I'm not going to get all cheesy here.  I'm not going to say "This book changed my life!"  But it has certainly changed my week.  And that's significant enough.  If nothing else, it's re-opened my mind to the possibility that I have got choices.  I've kind of come to see myself as "locked in" to the life I'm living.  But I'm not.  Not really.  Not if I want badly enough to change it.  Miller may have a great point in his thesis that the same elements that create meaningful stories and be applied to any human life. 

Oh, and that one point that I mentioned I took away from both Curtis/Eldridge and Miller?  Sacred Romance said it thus: that so often we consider God to be the Author of our story rather than realizing we are all characters with Him in His story.  Miller put it this way: you are a tree in a forest, and the story about the forest is always better than the story about a tree.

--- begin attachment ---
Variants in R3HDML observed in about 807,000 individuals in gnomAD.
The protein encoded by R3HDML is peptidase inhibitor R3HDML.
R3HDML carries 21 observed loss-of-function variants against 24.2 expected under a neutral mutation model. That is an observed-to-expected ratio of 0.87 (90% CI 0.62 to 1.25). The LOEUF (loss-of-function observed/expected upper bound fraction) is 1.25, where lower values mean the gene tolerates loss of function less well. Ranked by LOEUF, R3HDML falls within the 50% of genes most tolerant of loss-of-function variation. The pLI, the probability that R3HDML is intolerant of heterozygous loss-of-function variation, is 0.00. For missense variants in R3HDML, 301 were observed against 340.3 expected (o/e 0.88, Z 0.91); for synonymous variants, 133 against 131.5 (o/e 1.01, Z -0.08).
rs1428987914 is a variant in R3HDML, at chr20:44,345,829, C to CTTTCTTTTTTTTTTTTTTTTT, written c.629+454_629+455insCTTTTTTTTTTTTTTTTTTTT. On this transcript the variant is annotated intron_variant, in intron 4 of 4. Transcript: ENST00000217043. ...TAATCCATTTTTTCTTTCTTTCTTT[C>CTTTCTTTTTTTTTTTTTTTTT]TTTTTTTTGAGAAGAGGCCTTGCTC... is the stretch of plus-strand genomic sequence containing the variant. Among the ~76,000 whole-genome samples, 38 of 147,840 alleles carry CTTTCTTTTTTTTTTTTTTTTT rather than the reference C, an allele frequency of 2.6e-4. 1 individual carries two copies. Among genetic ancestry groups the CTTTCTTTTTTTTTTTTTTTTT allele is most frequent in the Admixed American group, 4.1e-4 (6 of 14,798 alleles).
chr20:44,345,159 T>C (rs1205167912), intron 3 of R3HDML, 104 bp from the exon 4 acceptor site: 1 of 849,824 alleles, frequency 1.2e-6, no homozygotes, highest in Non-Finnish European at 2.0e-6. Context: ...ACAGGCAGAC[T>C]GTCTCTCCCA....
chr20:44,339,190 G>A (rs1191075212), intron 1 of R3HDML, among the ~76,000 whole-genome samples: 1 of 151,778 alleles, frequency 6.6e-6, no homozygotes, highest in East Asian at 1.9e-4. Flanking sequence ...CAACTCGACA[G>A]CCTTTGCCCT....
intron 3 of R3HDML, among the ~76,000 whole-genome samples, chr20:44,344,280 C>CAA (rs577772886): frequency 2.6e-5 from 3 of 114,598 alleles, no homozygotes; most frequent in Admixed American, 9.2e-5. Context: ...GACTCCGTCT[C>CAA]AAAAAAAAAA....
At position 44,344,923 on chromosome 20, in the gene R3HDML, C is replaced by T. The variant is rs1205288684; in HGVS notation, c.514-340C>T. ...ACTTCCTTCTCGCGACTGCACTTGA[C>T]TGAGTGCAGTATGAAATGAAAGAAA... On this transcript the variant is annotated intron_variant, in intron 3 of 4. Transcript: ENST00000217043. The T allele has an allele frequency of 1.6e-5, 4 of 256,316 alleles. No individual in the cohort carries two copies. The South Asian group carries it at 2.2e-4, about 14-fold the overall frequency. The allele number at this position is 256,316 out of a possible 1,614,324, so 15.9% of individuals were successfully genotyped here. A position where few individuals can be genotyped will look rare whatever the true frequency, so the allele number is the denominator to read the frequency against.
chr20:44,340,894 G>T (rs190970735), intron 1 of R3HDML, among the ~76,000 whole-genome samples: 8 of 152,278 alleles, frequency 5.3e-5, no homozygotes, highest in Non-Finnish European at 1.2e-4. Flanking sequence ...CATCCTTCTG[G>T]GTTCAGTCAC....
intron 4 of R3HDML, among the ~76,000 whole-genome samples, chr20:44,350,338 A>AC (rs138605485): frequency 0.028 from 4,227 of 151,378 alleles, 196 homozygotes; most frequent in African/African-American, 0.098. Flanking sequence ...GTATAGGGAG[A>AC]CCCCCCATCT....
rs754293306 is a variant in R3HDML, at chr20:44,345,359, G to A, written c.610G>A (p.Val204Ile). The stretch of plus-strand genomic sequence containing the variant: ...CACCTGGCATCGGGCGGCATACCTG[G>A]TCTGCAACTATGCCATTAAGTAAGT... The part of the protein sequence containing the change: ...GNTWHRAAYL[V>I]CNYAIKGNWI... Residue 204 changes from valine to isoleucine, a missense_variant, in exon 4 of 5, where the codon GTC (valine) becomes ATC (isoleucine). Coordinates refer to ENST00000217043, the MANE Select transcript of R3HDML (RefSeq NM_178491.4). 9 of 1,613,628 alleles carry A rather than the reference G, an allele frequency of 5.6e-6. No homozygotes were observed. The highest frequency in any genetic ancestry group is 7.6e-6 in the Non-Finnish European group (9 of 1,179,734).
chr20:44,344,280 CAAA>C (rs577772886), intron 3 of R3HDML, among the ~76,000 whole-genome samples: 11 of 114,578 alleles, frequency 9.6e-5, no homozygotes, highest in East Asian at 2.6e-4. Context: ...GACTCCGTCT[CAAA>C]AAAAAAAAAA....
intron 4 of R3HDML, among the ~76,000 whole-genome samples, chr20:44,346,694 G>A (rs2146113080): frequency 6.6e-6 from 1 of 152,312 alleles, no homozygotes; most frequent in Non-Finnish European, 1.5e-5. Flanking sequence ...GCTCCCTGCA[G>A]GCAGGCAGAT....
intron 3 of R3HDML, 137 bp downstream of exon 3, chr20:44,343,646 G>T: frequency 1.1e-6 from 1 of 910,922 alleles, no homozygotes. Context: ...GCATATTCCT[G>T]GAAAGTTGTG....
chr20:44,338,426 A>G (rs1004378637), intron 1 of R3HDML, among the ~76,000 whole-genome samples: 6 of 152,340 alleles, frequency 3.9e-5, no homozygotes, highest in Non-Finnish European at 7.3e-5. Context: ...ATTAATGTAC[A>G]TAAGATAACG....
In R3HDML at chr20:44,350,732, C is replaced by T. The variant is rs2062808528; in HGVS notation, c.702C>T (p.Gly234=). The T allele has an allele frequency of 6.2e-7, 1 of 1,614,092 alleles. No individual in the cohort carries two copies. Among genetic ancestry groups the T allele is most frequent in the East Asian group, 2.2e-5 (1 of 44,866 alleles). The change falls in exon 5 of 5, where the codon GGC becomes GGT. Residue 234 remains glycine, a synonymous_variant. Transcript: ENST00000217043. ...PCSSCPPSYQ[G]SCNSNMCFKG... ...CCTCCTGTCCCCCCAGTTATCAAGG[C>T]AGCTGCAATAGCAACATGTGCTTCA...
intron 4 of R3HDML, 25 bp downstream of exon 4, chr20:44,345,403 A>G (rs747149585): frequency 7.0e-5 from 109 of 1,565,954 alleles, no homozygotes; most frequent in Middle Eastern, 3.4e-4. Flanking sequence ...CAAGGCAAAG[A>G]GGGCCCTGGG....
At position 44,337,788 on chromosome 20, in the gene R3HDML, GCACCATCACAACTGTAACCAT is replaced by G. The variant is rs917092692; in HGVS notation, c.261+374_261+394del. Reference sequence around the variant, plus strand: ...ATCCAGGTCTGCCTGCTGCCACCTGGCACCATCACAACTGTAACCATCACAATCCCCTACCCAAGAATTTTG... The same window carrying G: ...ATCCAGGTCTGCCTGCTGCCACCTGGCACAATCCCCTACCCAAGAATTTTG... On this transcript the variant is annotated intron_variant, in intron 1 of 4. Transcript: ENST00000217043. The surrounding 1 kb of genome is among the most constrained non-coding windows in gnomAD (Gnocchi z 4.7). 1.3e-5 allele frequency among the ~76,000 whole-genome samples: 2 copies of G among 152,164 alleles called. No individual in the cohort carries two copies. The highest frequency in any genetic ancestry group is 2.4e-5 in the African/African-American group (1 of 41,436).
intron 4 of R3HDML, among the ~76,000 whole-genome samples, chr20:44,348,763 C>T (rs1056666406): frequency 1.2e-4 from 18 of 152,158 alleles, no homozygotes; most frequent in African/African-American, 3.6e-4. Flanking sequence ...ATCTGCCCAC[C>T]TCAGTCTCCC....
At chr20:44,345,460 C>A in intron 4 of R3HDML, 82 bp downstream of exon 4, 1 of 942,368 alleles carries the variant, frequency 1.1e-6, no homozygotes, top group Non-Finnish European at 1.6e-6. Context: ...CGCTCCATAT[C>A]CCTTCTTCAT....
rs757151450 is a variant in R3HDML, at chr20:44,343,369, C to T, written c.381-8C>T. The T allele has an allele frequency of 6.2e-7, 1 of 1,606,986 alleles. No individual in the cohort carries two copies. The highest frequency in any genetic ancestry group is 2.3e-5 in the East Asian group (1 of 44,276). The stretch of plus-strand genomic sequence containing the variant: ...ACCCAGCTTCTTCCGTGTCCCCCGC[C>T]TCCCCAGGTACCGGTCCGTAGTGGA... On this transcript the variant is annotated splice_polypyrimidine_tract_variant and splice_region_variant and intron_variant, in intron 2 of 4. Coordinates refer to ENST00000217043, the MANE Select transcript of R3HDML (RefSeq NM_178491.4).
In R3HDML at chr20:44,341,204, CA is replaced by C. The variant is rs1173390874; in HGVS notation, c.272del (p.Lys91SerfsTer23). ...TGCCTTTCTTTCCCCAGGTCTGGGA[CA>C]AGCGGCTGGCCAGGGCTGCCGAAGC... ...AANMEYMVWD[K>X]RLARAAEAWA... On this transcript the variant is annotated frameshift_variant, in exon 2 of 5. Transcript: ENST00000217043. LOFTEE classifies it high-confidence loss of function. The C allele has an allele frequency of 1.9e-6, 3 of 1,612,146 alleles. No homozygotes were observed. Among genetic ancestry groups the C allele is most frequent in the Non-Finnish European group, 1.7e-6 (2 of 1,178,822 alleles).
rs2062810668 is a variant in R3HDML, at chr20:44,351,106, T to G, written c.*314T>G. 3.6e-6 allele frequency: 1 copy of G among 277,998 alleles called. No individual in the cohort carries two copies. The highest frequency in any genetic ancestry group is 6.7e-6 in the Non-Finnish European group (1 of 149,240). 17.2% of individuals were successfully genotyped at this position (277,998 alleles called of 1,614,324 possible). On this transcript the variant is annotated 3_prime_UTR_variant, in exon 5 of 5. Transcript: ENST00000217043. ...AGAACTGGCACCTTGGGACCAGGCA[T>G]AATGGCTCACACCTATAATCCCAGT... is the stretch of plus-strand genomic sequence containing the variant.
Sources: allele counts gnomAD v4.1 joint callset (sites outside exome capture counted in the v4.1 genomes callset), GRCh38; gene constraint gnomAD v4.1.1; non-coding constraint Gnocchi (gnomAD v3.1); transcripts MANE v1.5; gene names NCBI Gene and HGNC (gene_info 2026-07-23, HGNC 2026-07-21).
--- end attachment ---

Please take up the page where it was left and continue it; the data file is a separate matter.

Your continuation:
Either way, it's all about perspective.  And perspective, or lack thereof, is why Hornby's characters will end up at the top of the building every six months, why Eldridge's audience needs their hearts reawakened to the Sacred Romance, and why Don Miller was able to write himself into a better story than he had been living. 

Well, it seems everything in my life is currently conspiring to get me thinking about life, death, adventure, family, and storytelling these days.  I suppose there are far worse things to ruminate upon.